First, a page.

Many mountains in Kananaskis Country honour individuals, events and particularly ships lost in World War 1. The Battle of Jutland, in particular, resulted in many K-Country memorials.
Sir Horace Hood and the HMS Invincible
In the annals of naval history, certain figures and events stand out as beacons of courage, strategy, and sacrifice. One such luminary is Rear Admiral Sir Horace Hood, a distinguished British naval officer whose legacy is forever intertwined with the illustrious HMS Invincible and the pivotal Battle of Jutland.
Admiral Hood (pictured at right), was born on August 2, 1870, into a family with a rich naval tradition. He seemed destined for a life at sea. His early years in the Royal Navy were marked by a steady ascent through the ranks. By the time World War I erupted, he had already earned a reputation as a skilled and level-headed officer. It was during this tumultuous period that Hood found himself at the helm of one of the most formidable warships of its time — the HMS Invincible.
The HMS Invincible, commissioned in 1909, was a battlecruiser that exemplified the cutting-edge naval technology of its era. Armed with eight 12-inch guns and boasting impressive speed, the ship was a symbol of British naval might. During the Battle of the Falkland Islands, Invincible and her sister ship Inflexible sank the armoured cruisers Scharnhorst and Gneisenau almost without loss to themselves, despite numerous hits by the German ships. Under Hood’s command, the Invincible became a key player in the North Sea, where the naval forces of the British Royal Navy clashed with their German counterparts in the Battle of Jutland.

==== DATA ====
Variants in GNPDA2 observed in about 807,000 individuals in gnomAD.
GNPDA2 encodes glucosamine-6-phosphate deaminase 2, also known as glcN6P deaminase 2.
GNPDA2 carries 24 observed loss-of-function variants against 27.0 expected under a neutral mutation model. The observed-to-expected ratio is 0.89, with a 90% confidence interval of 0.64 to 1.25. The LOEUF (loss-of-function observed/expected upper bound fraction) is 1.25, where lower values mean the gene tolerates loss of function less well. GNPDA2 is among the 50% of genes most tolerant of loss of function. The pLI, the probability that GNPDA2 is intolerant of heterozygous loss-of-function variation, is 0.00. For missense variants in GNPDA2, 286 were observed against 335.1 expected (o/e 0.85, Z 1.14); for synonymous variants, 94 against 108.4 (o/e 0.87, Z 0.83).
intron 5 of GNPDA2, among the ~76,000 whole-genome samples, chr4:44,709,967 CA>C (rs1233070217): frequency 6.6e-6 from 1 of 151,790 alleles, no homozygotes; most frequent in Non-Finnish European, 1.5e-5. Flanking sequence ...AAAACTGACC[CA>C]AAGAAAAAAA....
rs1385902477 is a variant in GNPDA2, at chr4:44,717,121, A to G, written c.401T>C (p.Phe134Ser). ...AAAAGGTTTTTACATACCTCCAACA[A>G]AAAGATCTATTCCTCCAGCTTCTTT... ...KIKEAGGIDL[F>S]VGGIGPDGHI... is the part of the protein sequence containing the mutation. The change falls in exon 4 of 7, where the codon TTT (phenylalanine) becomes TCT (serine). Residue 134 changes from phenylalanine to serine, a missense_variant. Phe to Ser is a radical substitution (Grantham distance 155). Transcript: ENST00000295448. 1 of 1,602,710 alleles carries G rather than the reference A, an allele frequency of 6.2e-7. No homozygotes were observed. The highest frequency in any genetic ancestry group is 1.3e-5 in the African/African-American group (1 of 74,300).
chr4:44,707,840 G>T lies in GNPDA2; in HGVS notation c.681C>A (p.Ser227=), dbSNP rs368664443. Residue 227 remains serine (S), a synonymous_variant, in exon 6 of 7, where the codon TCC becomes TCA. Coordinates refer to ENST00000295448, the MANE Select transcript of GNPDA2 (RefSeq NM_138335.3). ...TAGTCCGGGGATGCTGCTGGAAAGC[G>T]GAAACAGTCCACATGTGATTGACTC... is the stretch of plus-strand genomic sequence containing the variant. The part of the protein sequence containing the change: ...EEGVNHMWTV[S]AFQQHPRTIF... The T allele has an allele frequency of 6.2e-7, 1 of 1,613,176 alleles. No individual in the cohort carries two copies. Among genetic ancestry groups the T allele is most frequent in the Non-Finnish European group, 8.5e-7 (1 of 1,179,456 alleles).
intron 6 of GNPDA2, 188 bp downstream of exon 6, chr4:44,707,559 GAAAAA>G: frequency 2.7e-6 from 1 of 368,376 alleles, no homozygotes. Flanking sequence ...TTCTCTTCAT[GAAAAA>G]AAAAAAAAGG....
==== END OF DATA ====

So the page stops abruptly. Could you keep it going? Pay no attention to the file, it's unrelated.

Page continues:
The Battle of Jutland
The Battle of Jutland, fought from May 31 to June 1, 1916, was the largest naval engagement of World War I; over 250 ships were involved. It was a critical moment in maritime history. The North Sea became the stage for a dramatic confrontation between the British Grand Fleet, led by Admiral Sir John Jellicoe, and the German High Seas Fleet, commanded by Vice-Admiral Reinhard Scheer. The strategic importance of this battle cannot be overstated. It would determine control of the North Sea and influence the course of the entire war.
Rear Admiral Hood’s role in the Battle of Jutland was both prominent and tragic. On the afternoon of May 31, 1916, the Invincible, along with her sister ships, was engaged in a fierce exchange of fire with the German battlecruisers. In the midst of this chaos, a direct hit into an ammunition magazine in one the of gun emplacements on the Invincible resulted in a catastrophic explosion. It split the ship in two, which sank to the bottom of the North Sea in just 90 seconds. Of Invincible’s crew of 1,021, there were just six survivors, pulled from the water by attendant destroyers.
Admiral Hood went down with his ship, a testament to his unwavering commitment and sense of duty. His sacrifice, along with that of the crew of the Invincible, underscored the harsh realities of naval warfare during this tumultuous period. The Battle of Jutland ended as a stalemate, with heavy losses on both sides and an unchanged strategic situation.
Memorialized in Mountains
In 1922, the Geographical Names Board of Canada honoured Hood by naming Mt. Hood after him. Mt. Hood is in the Opal Range, sitting between Mt. Packenham and Mt. Brock, due east of King Ridge.
In 1917, they named Mt. Invincible after his ship. Mt. Invincible is the peak between Mts. Indefatigable and Warspite. While the HMS Warspite survived the battle, the HMS Indefatigable was also sunk in the Battle of Jutland.
Hood, the Invincible and several other ships memorialized with K-Country mountain names, are recognized on displays at Portsmouth, England. One of those displays is pictured at right. The names of all of the sailors who perished are memorialized in Portsmouth. In addition, Hood’s name is inscribed on the War Memorial at St Botolph’s Church, Barton Seagrave, Northamptonshire in England.
Find out more about K-Country’s memorial mountains here.